POLITICS

Senator Bob Menendez to face criminal corruption charges, report says

En esta foto del 25 de febrero de 2013, el senador Bob Menéndez vuelve al Capitolio en Washington. Un jurado investigador en Miami indaga en el papel de Menéndez para defender los intereses empresariales de un amigo que le ha hecho donaciones (AP Foto/J. Scott Applewhite, archivo)

En esta foto del 25 de febrero de 2013, el senador Bob Menéndez vuelve al Capitolio en Washington. Un jurado investigador en Miami indaga en el papel de Menéndez para defender los intereses empresariales de un amigo que le ha hecho donaciones (AP Foto/J. Scott Applewhite, archivo)  (AP)

The Justice Department is getting ready to file corruption charges against Sen. Robert Menendez later this month, CNN first reported Friday.

The charges stem from allegations that he did political favors for a Florida doctor, Dr. Salomon Melgen, an ophthalmologist who was a friend and campaign supporter. Questions about Menendez's ties to Melgen have dogged the senator for more than two years.

Attorney General Eric Holder declined to answer questions after an appearance with President Barack Obama at a black college in South Carolina.

"I can't comment on that," he said, according to the AP.

The charges maintain that the New Jersey Democrat pushed Melgen’s business interests while chairman of the Senate Foreign Relations Committee. The senator and the doctor both have previously denied any wrongdoing.

On Friday, the senator’s Communications Director Tricia Enright released a statement that read in part:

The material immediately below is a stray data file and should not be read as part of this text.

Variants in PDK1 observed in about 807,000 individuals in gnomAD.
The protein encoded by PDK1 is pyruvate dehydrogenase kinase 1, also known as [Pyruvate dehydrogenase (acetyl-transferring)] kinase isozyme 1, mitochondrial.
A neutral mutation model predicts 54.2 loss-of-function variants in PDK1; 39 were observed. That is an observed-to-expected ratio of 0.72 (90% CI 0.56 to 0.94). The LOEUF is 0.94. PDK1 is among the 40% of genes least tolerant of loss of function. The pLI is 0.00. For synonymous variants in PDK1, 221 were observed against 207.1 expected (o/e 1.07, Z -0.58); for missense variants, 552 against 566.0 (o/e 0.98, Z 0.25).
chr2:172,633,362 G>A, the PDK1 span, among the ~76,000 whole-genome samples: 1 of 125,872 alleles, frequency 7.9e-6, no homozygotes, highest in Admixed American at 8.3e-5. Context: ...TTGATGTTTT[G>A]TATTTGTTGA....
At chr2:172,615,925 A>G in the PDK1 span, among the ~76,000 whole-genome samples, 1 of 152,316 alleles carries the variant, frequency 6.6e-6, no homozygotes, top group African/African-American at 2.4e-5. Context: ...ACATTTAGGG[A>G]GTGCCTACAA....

"The Senator has counted Dr. Melgen as one of his closest personal friends for decades. The two have spent holidays together and have gone to each other's family funerals and weddings and have exchanged personal gifts. As has been reported, the start of this investigation is suspect. We know many false allegations have been made about this matter, allegations that were ultimately publicly discredited. We also know that the official investigation of this matter is ongoing, and therefore cannot address allegations being made anonymously."   

Published reports describe Melgen and his family as generous contributors to Menendez and committees he has been involved with.

CNN, quoting unnamed sources, said that federal prosecutors are under pressure to act soon because some allegations, which date back roughly two years, are subjected to a statute of limitations.

Menendez has called the allegations a “smear campaign.”

Some of the actions that investigators were looking at are plane trips that the senator took in 2010 as Melgen’s guest. The senator paid Melgen $58,000 for the plane trips three years later, after they had become public. He said his office had not reported the trips because of an “oversight.”

Menendez also allegedly helped defend Melgen against accusations by Medicare officials that he overbilled the program. Published reports say that the doctor was among the top recipients of Medicare reimbursements while he was also a major Democratic donor.

The Department of Justice is also investigating whether Sen. Menendez engaged in any wrongdoing when his office attempted to assist two fugitive bankers from Ecuador who were seeking to avoid extradition and remain living in the United States.

The bankers, brothers William and Roberto Isaias, now live in Florida and were sentenced in absentia on charges that they embezzled millions from their bank. 

Investigators are looking into whether Menendez personally reached out to a high-ranking immigration official in 2012 pressing for the Isaias brothers to be allowed to reside permanently in the United States and not be sent back to Ecuador.

Menendez, 61, is up for reelection in 2018. He currently holds a position on the Senate's Foreign Relations Committee.

The AP contributed to this report.

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